Webmarking of patented products
If a patent holder wishes to be in with the best chance of being awarded financial remedies in the event their patent is infringed, they should mark their product with the word “patent” or “patented” together with the number of the patent. This is because damages are not payable by a patent infringer who is able to prove that they were not aware of the existence of the patent, and had no reasonable grounds for supposing that the patent existed, at the time of the infringement. The current law says the infringer cannot rely on this argument to avoid paying damages if the patented product is marked in the way described above.
From 1st October 2014, patent holders who have marked their patented product with a web address will be able to benefit in the same way – provided that the webpage clearly associates the patent number with that product. Removing the need to mark the patent numbers directly on the product will reduce burdens and costs for businesses and individuals who own patents, and will make it easier for the public to access up-to-date patent information in relation to a product.
Patent owners will continue to have the option of marking their product with the relevant patent numbers if they prefer. Also, they will continue to have the option of not marking their products at all, and this will
have the same consequences as now - reducing the likelihood that they will successfully claim damages from an infringer.
It is in the patent owner’s interest to ensure that clear and accessible information is provided on the webpage, making it easy for the public to ascertain which patents apply to the product. Providing clear information will ensure that the patent owner is in with the best chance of benefiting during any infringement proceedings. The web address provided on the product must direct the reader to a webpage which clearly associates the product with the relevant patent number. The product must be clearly identified, e.g. by including any relevant model numbers and variants that exist. An example is provided at www.tivo.com/patents (as US law has already changed). Providing the web address of the home page of a company website is unlikely to suffice - unless on that home page there is a clear association between the product and the relevant patent number.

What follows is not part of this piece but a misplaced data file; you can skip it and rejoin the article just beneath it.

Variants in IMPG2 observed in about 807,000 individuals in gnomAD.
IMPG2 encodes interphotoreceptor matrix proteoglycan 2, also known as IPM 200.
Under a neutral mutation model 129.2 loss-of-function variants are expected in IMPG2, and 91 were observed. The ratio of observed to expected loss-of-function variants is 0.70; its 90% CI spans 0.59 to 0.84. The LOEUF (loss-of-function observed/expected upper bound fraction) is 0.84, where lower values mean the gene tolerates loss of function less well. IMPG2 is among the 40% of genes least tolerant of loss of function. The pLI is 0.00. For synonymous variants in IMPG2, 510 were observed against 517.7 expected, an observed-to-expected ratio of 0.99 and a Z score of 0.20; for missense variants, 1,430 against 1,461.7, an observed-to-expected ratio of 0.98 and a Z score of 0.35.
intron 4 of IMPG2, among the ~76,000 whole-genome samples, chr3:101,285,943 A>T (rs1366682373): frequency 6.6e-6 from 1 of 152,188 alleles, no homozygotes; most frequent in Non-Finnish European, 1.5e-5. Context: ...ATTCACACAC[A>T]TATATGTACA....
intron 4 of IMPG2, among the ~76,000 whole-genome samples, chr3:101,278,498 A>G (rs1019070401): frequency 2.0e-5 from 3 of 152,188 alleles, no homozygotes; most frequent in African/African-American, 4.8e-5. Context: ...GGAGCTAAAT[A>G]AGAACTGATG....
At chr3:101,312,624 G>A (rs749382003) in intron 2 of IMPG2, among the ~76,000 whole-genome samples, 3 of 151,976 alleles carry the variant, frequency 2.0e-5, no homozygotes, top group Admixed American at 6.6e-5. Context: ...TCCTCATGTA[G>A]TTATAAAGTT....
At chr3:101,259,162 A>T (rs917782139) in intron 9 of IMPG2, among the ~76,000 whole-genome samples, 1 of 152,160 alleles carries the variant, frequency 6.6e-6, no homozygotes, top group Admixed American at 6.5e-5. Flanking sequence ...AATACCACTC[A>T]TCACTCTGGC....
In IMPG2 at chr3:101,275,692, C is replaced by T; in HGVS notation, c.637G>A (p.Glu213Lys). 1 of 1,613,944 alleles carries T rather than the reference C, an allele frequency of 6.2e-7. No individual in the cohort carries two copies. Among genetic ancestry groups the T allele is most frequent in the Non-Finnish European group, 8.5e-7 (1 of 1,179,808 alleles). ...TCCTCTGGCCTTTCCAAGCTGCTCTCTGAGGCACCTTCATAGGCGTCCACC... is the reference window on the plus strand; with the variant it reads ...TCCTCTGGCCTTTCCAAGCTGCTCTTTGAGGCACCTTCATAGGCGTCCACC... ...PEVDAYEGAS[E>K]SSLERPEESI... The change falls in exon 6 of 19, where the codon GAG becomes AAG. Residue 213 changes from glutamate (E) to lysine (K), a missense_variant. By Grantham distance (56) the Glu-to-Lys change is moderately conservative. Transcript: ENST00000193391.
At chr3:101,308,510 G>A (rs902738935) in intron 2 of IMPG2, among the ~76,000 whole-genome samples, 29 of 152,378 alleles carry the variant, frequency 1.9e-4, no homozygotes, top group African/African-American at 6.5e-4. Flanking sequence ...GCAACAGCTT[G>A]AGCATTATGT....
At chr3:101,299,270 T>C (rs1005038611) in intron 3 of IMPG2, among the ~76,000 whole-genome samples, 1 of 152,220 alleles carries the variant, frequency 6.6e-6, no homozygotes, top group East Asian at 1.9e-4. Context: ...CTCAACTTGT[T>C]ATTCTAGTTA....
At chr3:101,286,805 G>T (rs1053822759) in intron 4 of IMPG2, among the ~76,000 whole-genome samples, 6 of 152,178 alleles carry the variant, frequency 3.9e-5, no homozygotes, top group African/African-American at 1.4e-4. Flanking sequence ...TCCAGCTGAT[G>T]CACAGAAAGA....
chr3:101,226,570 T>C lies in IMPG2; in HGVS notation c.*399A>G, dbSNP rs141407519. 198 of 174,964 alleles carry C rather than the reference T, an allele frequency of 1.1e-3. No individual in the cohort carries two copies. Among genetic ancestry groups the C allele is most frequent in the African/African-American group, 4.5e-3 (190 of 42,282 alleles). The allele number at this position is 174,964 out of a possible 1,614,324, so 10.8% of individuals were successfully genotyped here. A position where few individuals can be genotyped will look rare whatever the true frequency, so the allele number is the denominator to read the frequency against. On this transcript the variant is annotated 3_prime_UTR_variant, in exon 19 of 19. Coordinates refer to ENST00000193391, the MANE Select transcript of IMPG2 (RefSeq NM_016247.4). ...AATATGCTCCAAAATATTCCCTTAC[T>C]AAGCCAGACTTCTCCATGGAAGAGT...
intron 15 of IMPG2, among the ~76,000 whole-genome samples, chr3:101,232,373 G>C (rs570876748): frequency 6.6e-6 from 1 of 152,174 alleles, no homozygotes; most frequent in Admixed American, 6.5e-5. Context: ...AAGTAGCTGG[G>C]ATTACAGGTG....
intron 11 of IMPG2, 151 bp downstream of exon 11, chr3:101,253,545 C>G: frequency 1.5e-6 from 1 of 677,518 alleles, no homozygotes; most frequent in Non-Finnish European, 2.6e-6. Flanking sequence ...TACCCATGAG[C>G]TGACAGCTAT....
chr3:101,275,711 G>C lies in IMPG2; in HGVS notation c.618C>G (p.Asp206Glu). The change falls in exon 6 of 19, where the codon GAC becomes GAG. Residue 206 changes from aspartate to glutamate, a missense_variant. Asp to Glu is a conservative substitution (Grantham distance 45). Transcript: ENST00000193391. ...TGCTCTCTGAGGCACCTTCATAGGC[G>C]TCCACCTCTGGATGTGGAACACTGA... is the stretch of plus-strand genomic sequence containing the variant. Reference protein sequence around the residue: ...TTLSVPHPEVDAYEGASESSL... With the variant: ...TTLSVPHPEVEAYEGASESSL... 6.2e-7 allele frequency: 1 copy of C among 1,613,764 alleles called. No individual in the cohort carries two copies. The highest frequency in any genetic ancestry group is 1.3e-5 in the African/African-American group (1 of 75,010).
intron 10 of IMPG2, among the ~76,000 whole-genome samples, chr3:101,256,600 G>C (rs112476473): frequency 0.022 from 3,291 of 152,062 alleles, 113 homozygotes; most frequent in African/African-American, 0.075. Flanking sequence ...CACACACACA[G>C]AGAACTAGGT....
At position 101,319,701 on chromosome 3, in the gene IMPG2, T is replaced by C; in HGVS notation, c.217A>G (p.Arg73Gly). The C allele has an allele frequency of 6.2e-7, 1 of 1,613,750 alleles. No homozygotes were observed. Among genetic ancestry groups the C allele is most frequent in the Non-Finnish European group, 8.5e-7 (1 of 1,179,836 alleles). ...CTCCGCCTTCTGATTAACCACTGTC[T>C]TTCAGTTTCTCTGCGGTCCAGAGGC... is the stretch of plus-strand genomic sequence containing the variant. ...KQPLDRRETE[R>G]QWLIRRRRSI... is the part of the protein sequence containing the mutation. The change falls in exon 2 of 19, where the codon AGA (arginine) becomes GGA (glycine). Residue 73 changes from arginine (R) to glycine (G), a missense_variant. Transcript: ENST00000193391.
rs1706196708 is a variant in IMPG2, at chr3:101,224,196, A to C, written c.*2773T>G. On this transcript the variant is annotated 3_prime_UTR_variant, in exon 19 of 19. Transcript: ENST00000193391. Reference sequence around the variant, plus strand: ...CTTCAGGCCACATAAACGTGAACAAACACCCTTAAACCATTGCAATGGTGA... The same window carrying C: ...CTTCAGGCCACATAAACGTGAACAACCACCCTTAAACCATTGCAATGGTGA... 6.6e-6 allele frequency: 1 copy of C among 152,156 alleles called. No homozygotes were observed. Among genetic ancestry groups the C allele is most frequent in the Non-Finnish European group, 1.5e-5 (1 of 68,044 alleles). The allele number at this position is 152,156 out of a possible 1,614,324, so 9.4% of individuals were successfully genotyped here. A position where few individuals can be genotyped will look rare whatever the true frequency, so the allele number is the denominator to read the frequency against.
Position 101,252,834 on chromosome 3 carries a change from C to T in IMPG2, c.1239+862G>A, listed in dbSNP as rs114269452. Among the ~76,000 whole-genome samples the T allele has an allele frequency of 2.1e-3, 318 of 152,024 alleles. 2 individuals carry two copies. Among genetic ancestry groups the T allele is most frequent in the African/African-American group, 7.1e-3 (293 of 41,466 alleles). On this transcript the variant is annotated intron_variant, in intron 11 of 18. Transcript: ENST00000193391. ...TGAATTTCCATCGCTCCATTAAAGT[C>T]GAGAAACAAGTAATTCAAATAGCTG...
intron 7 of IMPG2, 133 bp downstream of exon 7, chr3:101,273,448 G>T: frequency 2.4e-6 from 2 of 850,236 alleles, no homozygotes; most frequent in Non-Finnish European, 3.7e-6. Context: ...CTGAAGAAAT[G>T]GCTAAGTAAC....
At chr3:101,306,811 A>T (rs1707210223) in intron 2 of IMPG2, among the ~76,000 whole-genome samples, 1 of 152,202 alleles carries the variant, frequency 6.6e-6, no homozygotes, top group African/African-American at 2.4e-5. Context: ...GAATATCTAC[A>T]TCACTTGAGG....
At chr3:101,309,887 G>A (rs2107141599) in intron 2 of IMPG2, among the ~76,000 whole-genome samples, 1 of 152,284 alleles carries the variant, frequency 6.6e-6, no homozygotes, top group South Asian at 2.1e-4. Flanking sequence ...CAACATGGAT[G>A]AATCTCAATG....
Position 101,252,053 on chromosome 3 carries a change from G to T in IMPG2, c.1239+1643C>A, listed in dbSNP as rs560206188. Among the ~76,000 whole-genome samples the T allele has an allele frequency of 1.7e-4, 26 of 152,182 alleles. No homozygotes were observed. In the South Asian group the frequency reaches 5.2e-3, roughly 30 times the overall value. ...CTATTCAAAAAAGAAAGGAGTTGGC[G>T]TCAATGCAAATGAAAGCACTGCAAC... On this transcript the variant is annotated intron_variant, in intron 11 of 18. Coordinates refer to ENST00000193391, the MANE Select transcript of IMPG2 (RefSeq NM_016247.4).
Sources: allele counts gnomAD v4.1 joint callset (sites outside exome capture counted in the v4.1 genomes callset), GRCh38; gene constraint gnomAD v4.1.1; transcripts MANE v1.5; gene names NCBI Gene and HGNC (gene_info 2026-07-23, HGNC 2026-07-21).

It is advisable to keep the web page as up-to-date as possible, reflecting any recent changes to the patent details for each product. Otherwise an infringer may be able to claim that they weren’t aware of the patent at the time of the infringing action. Where a dispute arises, it will be for the courts to decide whether sufficient notice had been provided.
A QR code won’t in itself provide all members of the public with notice of the relevant patent rights, but patent owners may provide a QR code on their product if they wish. They could do so in addition to providing the patent number(s) or a web address.